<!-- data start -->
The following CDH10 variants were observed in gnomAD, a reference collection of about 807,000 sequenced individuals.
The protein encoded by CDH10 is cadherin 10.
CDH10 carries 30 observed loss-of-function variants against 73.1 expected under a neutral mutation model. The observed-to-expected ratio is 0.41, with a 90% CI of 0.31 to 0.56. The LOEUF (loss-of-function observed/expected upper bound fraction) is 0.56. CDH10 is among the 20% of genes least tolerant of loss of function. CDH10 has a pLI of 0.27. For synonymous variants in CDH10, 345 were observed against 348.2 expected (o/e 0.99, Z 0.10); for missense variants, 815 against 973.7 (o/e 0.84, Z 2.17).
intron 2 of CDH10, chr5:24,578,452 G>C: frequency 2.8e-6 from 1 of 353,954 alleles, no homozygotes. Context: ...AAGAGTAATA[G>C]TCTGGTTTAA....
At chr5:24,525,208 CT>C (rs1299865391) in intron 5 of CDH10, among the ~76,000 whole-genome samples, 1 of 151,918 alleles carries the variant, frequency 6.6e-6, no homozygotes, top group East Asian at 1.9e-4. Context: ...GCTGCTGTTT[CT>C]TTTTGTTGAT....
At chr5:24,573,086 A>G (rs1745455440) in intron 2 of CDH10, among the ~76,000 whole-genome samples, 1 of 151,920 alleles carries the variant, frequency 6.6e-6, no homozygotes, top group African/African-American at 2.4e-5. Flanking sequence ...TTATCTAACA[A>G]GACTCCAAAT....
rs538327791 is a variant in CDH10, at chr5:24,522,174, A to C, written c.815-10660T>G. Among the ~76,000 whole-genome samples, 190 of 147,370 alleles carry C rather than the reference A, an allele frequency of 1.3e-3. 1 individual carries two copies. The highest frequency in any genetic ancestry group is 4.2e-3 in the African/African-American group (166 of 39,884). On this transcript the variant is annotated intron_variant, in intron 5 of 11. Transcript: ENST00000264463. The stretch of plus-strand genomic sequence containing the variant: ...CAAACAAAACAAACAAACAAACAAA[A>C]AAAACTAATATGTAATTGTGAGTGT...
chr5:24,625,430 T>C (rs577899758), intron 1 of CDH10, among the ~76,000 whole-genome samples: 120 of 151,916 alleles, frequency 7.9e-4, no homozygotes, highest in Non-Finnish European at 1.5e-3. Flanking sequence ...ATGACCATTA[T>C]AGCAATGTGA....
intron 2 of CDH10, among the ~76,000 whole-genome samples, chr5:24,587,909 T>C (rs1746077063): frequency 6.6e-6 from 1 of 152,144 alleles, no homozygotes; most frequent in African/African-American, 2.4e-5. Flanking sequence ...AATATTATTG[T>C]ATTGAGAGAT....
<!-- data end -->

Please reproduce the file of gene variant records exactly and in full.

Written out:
The following CDH10 variants were observed in gnomAD, a reference collection of about 807,000 sequenced individuals.
The protein encoded by CDH10 is cadherin 10.
CDH10 carries 30 observed loss-of-function variants against 73.1 expected under a neutral mutation model. The observed-to-expected ratio is 0.41, with a 90% CI of 0.31 to 0.56. The LOEUF (loss-of-function observed/expected upper bound fraction) is 0.56. CDH10 is among the 20% of genes least tolerant of loss of function. CDH10 has a pLI of 0.27. For synonymous variants in CDH10, 345 were observed against 348.2 expected (o/e 0.99, Z 0.10); for missense variants, 815 against 973.7 (o/e 0.84, Z 2.17).
intron 2 of CDH10, chr5:24,578,452 G>C: frequency 2.8e-6 from 1 of 353,954 alleles, no homozygotes. Context: ...AAGAGTAATA[G>C]TCTGGTTTAA....
At chr5:24,525,208 CT>C (rs1299865391) in intron 5 of CDH10, among the ~76,000 whole-genome samples, 1 of 151,918 alleles carries the variant, frequency 6.6e-6, no homozygotes, top group East Asian at 1.9e-4. Context: ...GCTGCTGTTT[CT>C]TTTTGTTGAT....
At chr5:24,573,086 A>G (rs1745455440) in intron 2 of CDH10, among the ~76,000 whole-genome samples, 1 of 151,920 alleles carries the variant, frequency 6.6e-6, no homozygotes, top group African/African-American at 2.4e-5. Flanking sequence ...TTATCTAACA[A>G]GACTCCAAAT....
rs538327791 is a variant in CDH10, at chr5:24,522,174, A to C, written c.815-10660T>G. Among the ~76,000 whole-genome samples, 190 of 147,370 alleles carry C rather than the reference A, an allele frequency of 1.3e-3. 1 individual carries two copies. The highest frequency in any genetic ancestry group is 4.2e-3 in the African/African-American group (166 of 39,884). On this transcript the variant is annotated intron_variant, in intron 5 of 11. Transcript: ENST00000264463. The stretch of plus-strand genomic sequence containing the variant: ...CAAACAAAACAAACAAACAAACAAA[A>C]AAAACTAATATGTAATTGTGAGTGT...
chr5:24,625,430 T>C (rs577899758), intron 1 of CDH10, among the ~76,000 whole-genome samples: 120 of 151,916 alleles, frequency 7.9e-4, no homozygotes, highest in Non-Finnish European at 1.5e-3. Flanking sequence ...ATGACCATTA[T>C]AGCAATGTGA....
intron 2 of CDH10, among the ~76,000 whole-genome samples, chr5:24,587,909 T>C (rs1746077063): frequency 6.6e-6 from 1 of 152,144 alleles, no homozygotes; most frequent in African/African-American, 2.4e-5. Flanking sequence ...AATATTATTG[T>C]ATTGAGAGAT....